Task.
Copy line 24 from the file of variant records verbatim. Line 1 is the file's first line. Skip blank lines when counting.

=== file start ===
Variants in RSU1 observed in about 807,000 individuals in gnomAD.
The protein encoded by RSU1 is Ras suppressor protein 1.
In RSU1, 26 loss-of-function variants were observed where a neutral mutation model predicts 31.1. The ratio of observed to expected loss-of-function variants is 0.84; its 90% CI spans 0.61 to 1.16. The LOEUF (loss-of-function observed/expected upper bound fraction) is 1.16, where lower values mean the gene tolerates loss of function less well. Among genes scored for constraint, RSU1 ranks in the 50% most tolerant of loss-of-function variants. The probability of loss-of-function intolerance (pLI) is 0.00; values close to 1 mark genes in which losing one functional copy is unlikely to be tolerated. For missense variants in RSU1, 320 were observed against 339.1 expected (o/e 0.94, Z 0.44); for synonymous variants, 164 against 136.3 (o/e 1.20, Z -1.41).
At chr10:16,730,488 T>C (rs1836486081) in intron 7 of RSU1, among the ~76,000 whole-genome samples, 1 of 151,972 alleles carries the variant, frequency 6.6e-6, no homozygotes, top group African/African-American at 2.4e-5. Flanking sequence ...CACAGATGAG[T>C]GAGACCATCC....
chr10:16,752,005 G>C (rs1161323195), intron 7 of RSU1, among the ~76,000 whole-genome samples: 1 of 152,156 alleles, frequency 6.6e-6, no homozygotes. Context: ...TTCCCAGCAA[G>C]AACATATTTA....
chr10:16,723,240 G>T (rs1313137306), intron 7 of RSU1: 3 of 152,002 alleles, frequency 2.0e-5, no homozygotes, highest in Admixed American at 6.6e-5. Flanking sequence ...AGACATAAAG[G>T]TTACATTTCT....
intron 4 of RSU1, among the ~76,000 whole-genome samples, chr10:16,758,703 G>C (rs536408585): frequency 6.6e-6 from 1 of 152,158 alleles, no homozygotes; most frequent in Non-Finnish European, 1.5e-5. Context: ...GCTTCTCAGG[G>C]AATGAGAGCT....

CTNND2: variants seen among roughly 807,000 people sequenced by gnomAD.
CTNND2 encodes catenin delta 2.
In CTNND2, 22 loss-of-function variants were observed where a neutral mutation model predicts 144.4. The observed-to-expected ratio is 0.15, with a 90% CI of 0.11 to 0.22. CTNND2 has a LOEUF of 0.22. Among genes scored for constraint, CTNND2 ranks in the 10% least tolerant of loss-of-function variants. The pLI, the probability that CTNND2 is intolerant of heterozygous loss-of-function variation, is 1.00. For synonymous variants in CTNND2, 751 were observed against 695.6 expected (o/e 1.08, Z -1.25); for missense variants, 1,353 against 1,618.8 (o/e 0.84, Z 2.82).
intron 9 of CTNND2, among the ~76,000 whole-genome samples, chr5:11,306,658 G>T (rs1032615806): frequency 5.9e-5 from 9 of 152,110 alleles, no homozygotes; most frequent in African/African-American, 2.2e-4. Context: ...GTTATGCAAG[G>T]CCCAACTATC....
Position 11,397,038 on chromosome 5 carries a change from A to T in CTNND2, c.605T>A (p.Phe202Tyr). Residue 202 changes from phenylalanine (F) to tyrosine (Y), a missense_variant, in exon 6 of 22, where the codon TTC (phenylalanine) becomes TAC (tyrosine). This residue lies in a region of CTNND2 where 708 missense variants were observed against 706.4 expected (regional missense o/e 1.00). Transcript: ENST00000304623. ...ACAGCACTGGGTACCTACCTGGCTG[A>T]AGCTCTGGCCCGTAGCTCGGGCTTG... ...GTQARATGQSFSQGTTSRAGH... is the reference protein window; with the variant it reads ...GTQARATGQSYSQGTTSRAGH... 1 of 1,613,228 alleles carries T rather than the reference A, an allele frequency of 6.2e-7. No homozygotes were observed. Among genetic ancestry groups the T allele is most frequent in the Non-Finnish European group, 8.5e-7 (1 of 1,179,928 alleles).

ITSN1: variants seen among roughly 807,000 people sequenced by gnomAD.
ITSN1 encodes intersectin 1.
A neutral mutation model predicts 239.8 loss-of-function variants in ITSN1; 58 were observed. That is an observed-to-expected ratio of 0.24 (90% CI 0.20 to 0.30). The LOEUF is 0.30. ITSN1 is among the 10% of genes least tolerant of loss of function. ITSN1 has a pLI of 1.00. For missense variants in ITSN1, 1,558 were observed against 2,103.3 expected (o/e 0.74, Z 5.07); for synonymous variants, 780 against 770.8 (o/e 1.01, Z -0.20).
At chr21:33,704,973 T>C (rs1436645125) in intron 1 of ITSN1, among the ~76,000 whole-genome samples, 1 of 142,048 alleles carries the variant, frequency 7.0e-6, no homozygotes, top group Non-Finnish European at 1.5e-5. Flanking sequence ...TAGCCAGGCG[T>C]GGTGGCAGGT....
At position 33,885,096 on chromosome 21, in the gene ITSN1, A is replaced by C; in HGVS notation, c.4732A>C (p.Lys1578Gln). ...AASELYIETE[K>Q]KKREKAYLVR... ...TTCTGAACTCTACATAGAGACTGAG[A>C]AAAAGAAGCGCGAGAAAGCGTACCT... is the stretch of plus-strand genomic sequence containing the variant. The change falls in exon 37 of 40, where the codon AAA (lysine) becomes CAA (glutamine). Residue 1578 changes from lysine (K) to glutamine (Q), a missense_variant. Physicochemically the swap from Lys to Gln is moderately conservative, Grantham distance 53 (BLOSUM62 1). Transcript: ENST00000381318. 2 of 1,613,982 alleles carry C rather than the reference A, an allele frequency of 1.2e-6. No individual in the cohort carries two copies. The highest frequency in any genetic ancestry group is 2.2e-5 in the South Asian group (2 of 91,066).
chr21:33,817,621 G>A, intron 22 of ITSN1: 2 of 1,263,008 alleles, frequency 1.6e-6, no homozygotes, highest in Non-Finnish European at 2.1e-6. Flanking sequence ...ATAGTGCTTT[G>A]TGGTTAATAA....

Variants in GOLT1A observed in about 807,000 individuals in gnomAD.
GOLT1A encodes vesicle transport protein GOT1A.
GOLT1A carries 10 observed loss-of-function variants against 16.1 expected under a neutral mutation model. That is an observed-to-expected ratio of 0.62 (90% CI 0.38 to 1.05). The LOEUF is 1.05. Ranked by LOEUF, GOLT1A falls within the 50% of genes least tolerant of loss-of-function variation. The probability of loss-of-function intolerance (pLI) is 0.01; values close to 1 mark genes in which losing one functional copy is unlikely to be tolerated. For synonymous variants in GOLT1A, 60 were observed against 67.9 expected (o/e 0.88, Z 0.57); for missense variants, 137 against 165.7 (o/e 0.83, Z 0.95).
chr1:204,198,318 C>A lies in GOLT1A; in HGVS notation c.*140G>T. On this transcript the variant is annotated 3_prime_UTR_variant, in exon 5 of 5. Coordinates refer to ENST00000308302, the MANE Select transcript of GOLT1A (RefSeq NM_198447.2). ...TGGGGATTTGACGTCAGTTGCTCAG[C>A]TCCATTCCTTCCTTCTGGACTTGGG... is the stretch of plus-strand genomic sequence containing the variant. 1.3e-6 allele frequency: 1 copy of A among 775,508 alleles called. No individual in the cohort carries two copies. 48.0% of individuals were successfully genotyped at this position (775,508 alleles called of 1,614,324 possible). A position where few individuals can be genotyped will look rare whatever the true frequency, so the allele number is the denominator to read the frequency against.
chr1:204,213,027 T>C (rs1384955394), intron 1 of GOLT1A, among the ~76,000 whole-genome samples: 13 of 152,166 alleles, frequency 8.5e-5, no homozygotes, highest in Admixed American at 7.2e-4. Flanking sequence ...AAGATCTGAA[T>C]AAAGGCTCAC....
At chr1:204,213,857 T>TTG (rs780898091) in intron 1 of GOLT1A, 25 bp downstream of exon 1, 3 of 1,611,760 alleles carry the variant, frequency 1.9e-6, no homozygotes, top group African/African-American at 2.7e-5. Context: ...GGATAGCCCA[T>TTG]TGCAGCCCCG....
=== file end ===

At chr1:204,213,857 T>TTG (rs780898091) in intron 1 of GOLT1A, 25 bp downstream of exon 1, 3 of 1,611,760 alleles carry the variant, frequency 1.9e-6, no homozygotes, top group African/African-American at 2.7e-5. Context: ...GGATAGCCCA[T>TTG]TGCAGCCCCG....